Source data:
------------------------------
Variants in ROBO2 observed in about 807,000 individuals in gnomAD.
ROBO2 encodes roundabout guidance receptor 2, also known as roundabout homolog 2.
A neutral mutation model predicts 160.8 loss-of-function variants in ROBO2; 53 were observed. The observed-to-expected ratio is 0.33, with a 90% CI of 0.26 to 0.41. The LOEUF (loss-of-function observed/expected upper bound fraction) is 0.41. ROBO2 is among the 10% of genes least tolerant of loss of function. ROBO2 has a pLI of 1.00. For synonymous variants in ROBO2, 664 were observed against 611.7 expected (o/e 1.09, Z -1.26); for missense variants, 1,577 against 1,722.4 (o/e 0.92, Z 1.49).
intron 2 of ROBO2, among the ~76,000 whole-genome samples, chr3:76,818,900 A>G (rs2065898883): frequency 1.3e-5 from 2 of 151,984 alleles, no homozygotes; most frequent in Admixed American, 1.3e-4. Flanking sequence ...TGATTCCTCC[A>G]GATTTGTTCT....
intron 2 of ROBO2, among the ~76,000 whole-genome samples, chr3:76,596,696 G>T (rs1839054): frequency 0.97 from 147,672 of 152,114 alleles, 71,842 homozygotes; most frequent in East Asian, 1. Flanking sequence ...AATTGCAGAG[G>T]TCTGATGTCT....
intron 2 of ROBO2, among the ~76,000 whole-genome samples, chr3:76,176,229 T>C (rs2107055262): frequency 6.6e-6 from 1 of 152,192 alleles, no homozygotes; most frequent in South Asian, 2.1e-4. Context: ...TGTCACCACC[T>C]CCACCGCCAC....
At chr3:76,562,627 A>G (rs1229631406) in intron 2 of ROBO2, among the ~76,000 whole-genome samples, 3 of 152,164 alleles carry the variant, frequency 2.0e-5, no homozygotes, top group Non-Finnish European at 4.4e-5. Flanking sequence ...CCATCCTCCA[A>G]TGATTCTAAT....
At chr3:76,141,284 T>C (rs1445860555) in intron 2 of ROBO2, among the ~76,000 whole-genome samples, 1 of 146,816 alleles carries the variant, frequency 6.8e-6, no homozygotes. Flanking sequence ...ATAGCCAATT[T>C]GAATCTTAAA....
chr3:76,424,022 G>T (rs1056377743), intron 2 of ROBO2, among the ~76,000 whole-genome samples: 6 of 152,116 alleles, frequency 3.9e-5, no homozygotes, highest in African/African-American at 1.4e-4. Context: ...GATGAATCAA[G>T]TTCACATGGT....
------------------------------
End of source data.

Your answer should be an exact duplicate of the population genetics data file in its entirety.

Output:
Variants in ROBO2 observed in about 807,000 individuals in gnomAD.
ROBO2 encodes roundabout guidance receptor 2, also known as roundabout homolog 2.
A neutral mutation model predicts 160.8 loss-of-function variants in ROBO2; 53 were observed. The observed-to-expected ratio is 0.33, with a 90% CI of 0.26 to 0.41. The LOEUF (loss-of-function observed/expected upper bound fraction) is 0.41. ROBO2 is among the 10% of genes least tolerant of loss of function. ROBO2 has a pLI of 1.00. For synonymous variants in ROBO2, 664 were observed against 611.7 expected (o/e 1.09, Z -1.26); for missense variants, 1,577 against 1,722.4 (o/e 0.92, Z 1.49).
intron 2 of ROBO2, among the ~76,000 whole-genome samples, chr3:76,818,900 A>G (rs2065898883): frequency 1.3e-5 from 2 of 151,984 alleles, no homozygotes; most frequent in Admixed American, 1.3e-4. Flanking sequence ...TGATTCCTCC[A>G]GATTTGTTCT....
intron 2 of ROBO2, among the ~76,000 whole-genome samples, chr3:76,596,696 G>T (rs1839054): frequency 0.97 from 147,672 of 152,114 alleles, 71,842 homozygotes; most frequent in East Asian, 1. Flanking sequence ...AATTGCAGAG[G>T]TCTGATGTCT....
intron 2 of ROBO2, among the ~76,000 whole-genome samples, chr3:76,176,229 T>C (rs2107055262): frequency 6.6e-6 from 1 of 152,192 alleles, no homozygotes; most frequent in South Asian, 2.1e-4. Context: ...TGTCACCACC[T>C]CCACCGCCAC....
At chr3:76,562,627 A>G (rs1229631406) in intron 2 of ROBO2, among the ~76,000 whole-genome samples, 3 of 152,164 alleles carry the variant, frequency 2.0e-5, no homozygotes, top group Non-Finnish European at 4.4e-5. Flanking sequence ...CCATCCTCCA[A>G]TGATTCTAAT....
At chr3:76,141,284 T>C (rs1445860555) in intron 2 of ROBO2, among the ~76,000 whole-genome samples, 1 of 146,816 alleles carries the variant, frequency 6.8e-6, no homozygotes. Flanking sequence ...ATAGCCAATT[T>C]GAATCTTAAA....
chr3:76,424,022 G>T (rs1056377743), intron 2 of ROBO2, among the ~76,000 whole-genome samples: 6 of 152,116 alleles, frequency 3.9e-5, no homozygotes, highest in African/African-American at 1.4e-4. Context: ...GATGAATCAA[G>T]TTCACATGGT....